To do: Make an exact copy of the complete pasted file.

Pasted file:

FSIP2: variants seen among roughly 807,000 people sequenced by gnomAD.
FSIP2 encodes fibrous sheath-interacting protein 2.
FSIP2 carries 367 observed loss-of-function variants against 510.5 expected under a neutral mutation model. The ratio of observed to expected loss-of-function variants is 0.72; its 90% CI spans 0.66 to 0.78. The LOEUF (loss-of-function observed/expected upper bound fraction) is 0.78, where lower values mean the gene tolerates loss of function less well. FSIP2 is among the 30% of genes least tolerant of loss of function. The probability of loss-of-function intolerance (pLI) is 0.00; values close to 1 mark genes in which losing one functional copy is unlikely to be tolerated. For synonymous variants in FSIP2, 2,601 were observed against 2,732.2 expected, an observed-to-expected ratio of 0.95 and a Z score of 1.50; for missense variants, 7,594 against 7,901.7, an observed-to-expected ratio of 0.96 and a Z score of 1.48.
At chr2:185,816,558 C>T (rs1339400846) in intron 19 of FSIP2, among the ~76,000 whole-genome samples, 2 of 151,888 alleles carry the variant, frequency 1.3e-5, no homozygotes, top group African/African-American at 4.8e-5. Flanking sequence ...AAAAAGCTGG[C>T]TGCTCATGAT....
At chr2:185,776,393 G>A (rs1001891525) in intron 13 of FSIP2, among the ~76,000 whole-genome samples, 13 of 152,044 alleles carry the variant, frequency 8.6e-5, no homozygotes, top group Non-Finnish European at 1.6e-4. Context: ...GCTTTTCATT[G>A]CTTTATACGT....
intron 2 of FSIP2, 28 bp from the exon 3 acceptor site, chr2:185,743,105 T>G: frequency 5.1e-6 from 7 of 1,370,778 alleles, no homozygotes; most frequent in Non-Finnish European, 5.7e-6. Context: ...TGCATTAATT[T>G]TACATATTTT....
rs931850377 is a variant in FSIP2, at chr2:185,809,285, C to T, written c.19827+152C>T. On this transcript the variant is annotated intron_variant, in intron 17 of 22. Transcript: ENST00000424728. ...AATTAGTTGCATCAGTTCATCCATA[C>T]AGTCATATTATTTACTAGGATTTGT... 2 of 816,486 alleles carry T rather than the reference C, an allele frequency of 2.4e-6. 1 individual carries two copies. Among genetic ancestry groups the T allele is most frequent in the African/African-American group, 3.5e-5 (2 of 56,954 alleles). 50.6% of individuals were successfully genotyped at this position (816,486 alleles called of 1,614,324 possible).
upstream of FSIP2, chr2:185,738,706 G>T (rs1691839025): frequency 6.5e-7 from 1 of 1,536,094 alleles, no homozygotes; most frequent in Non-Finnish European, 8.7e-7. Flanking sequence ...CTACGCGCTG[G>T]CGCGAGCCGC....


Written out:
FSIP2: variants seen among roughly 807,000 people sequenced by gnomAD.
FSIP2 encodes fibrous sheath-interacting protein 2.
FSIP2 carries 367 observed loss-of-function variants against 510.5 expected under a neutral mutation model. The ratio of observed to expected loss-of-function variants is 0.72; its 90% CI spans 0.66 to 0.78. The LOEUF (loss-of-function observed/expected upper bound fraction) is 0.78, where lower values mean the gene tolerates loss of function less well. FSIP2 is among the 30% of genes least tolerant of loss of function. The probability of loss-of-function intolerance (pLI) is 0.00; values close to 1 mark genes in which losing one functional copy is unlikely to be tolerated. For synonymous variants in FSIP2, 2,601 were observed against 2,732.2 expected, an observed-to-expected ratio of 0.95 and a Z score of 1.50; for missense variants, 7,594 against 7,901.7, an observed-to-expected ratio of 0.96 and a Z score of 1.48.
At chr2:185,816,558 C>T (rs1339400846) in intron 19 of FSIP2, among the ~76,000 whole-genome samples, 2 of 151,888 alleles carry the variant, frequency 1.3e-5, no homozygotes, top group African/African-American at 4.8e-5. Flanking sequence ...AAAAAGCTGG[C>T]TGCTCATGAT....
At chr2:185,776,393 G>A (rs1001891525) in intron 13 of FSIP2, among the ~76,000 whole-genome samples, 13 of 152,044 alleles carry the variant, frequency 8.6e-5, no homozygotes, top group Non-Finnish European at 1.6e-4. Context: ...GCTTTTCATT[G>A]CTTTATACGT....
intron 2 of FSIP2, 28 bp from the exon 3 acceptor site, chr2:185,743,105 T>G: frequency 5.1e-6 from 7 of 1,370,778 alleles, no homozygotes; most frequent in Non-Finnish European, 5.7e-6. Context: ...TGCATTAATT[T>G]TACATATTTT....
rs931850377 is a variant in FSIP2, at chr2:185,809,285, C to T, written c.19827+152C>T. On this transcript the variant is annotated intron_variant, in intron 17 of 22. Transcript: ENST00000424728. ...AATTAGTTGCATCAGTTCATCCATA[C>T]AGTCATATTATTTACTAGGATTTGT... 2 of 816,486 alleles carry T rather than the reference C, an allele frequency of 2.4e-6. 1 individual carries two copies. Among genetic ancestry groups the T allele is most frequent in the African/African-American group, 3.5e-5 (2 of 56,954 alleles). 50.6% of individuals were successfully genotyped at this position (816,486 alleles called of 1,614,324 possible).
upstream of FSIP2, chr2:185,738,706 G>T (rs1691839025): frequency 6.5e-7 from 1 of 1,536,094 alleles, no homozygotes; most frequent in Non-Finnish European, 8.7e-7. Flanking sequence ...CTACGCGCTG[G>T]CGCGAGCCGC....